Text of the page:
Well, ask the Anderson male leopard. He was found recently with some pretty serious gashes to his face and neck.
Ok to be fair we can’t say conclusively that these were inflicted by a warthog since no one actually witnessed the event, but given that the leopard was found with a large warthog kill and these are just the kind of injuries that warthogs have been known to inflict on leopards before, it wouldn’t be stretching it to say that he received them while trying to bring the pig down:
Unofficially the biggest leopard in the Sabi Sands, the Anderson male is an absolutely enormous individual in north western Londolozi.
Although the Anderson male ultimately made a meal out of that particular warthog, the conflict certainly doesn’t always go the way of the big cats. We have regularly found leopards that have been gashed quite badly, and indeed it’s usually only the bigger male leopards that will attempt to tackle an adult warthog boar. Lions sometimes give them the go-by as well, as one slash from razor-sharp tusks can be almost fatal.
Far more often it is younger warthogs and sows that are the targets of predator attacks. The piglets in particular are incredibly vulnerable during the first few months of their lives, and are taken by a variety of predators – eagles and pythons especially – although their mother will defend them ferociously if she is able to.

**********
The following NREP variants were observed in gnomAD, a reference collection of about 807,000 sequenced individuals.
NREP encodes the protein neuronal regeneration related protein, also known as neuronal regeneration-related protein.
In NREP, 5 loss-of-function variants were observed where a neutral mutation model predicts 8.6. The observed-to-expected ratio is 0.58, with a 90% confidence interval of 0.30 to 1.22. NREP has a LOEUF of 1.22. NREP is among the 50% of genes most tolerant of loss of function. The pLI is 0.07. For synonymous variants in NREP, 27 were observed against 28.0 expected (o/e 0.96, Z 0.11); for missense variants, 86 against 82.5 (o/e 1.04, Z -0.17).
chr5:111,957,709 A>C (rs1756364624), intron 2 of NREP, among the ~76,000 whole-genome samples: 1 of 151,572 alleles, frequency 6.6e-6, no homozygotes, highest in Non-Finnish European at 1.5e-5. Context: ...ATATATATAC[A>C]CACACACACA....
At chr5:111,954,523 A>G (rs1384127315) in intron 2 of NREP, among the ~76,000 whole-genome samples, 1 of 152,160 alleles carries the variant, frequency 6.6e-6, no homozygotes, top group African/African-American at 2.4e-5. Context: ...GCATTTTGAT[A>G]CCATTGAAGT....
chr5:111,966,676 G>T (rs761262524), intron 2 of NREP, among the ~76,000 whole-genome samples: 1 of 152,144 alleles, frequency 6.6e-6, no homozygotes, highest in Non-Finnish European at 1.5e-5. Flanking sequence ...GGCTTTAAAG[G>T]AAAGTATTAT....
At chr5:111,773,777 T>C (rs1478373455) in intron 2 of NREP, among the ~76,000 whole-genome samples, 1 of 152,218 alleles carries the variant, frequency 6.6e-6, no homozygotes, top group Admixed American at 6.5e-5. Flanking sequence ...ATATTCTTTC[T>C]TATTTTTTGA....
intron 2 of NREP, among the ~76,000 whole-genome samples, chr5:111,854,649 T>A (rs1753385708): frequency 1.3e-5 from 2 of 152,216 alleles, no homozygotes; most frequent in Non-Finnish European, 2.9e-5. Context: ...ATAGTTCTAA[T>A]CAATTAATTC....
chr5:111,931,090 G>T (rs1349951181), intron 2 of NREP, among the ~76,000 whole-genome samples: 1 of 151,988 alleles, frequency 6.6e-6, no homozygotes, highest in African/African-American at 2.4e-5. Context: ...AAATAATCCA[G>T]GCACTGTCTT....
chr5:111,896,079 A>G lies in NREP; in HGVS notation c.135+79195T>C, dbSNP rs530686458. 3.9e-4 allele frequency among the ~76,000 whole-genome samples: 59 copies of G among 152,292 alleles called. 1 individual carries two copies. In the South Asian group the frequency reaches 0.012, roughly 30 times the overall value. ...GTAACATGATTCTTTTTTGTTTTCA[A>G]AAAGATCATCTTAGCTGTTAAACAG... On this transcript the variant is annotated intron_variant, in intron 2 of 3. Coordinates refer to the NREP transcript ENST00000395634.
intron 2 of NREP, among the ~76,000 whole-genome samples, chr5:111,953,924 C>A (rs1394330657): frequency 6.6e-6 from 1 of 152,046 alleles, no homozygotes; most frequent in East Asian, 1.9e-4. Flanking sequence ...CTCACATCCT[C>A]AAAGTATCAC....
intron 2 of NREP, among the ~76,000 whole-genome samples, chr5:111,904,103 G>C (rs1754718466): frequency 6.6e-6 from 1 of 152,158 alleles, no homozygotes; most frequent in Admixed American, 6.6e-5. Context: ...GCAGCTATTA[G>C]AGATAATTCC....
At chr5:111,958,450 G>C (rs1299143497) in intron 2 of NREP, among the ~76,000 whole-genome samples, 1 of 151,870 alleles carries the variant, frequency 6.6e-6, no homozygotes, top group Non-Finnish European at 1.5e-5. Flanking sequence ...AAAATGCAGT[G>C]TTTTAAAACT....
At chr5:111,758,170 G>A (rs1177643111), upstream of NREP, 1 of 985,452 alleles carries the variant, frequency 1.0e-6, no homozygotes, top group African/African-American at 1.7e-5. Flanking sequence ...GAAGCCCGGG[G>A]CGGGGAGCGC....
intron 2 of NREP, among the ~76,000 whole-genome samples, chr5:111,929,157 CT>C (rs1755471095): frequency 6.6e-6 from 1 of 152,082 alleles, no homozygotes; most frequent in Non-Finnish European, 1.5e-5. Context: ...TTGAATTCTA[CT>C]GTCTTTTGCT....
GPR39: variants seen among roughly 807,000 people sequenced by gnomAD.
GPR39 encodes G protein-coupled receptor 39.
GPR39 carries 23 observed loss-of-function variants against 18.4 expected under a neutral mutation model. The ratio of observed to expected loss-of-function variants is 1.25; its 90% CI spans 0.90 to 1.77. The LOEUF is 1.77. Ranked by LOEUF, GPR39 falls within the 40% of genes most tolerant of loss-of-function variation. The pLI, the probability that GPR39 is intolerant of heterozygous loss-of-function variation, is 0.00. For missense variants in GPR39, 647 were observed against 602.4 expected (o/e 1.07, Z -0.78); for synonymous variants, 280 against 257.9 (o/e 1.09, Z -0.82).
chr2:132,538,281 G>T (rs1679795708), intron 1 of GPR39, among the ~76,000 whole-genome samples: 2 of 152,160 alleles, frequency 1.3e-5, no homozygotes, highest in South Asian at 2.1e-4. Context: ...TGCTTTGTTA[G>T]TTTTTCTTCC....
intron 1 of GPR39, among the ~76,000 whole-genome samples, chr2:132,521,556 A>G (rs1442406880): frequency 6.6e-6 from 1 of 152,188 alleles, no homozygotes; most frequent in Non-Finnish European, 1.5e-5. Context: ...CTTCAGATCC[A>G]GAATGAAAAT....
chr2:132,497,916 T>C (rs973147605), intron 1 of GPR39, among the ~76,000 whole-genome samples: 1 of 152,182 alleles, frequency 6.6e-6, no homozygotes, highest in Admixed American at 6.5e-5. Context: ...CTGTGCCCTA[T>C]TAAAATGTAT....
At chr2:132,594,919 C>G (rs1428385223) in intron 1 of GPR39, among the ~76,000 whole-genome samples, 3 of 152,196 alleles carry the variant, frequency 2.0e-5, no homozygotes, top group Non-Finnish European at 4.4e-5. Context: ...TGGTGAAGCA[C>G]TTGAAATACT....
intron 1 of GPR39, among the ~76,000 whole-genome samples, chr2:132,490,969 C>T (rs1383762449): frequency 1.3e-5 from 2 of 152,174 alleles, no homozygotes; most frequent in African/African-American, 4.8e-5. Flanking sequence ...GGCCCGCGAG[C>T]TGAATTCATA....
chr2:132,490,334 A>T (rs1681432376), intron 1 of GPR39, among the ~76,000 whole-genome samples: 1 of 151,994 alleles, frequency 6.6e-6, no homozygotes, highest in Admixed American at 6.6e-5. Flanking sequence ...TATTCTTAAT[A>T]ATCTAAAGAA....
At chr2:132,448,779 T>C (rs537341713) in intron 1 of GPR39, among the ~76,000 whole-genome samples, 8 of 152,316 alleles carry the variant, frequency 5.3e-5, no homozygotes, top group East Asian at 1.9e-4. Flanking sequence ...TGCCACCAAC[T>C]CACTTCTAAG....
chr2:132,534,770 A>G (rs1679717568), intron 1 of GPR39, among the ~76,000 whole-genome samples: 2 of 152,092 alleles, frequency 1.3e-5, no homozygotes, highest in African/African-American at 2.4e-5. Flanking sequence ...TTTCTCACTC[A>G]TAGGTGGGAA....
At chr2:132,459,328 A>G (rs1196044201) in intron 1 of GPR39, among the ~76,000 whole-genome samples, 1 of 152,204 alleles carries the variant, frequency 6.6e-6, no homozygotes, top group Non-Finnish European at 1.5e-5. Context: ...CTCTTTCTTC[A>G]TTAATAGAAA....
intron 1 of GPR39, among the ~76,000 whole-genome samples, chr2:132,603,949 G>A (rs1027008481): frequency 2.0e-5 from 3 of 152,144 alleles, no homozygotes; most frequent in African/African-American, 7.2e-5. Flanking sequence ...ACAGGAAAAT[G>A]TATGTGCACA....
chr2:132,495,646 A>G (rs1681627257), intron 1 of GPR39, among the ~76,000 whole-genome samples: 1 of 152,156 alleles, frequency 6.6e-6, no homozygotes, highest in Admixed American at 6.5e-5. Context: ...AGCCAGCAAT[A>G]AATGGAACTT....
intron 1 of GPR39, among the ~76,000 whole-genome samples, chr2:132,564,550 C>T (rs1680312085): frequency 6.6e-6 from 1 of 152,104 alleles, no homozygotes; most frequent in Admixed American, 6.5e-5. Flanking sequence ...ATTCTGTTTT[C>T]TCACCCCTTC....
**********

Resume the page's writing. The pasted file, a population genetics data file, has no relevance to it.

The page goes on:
At the end of last year I sat with the Nhlanguleni female leopard as she watched from a termite mound as a warthog sow took her tiny piglets on their first foray out of their den:
As one can see in the photo, the piglets stayed as close to their mother as they possibly could, relying completely on her sharp tusks to keep them safe. The Nhlanguleni female must have decided that the risk of those tusks for the tiny mouthful that one piglet would have provided simply wasn’t worth it, so let the sounder retreat to their burrow unmolested.
Other warthogs aren’t so lucky though, as the following series of photos will demonstrate:
Funny looking creatures, warthogs are usually viewed with a certain amount of mirth by visitors to the bush, but their comical appearance ultimately belies the danger they pose. Big boars can top the scales at close to 100kg, and can run really fast when they need to. Forget their tusks for a moment; just a boar coming barrelling into you at Mach 2 is likely to hurt, so predators try to catch them from behind as much as possible, avoiding the sharp end.
Leopards will wait on top of termite mounds above warthog burrows, knowing the occupant(s) have to emerge eventually. When they do, a lightning dash and a swift grip to the throat usually ends it.
The brother of the Tu-Tones male from the same litter, the Makhotini male has had a far more successful life.
More often than not warthogs figure that discretion is the better part of valour, and flee from danger, but woe betide the predator that comes up against a cornered one, or is slightly poor in the execution of its takedown… the wrong warthog can inflict some serious, serious damage!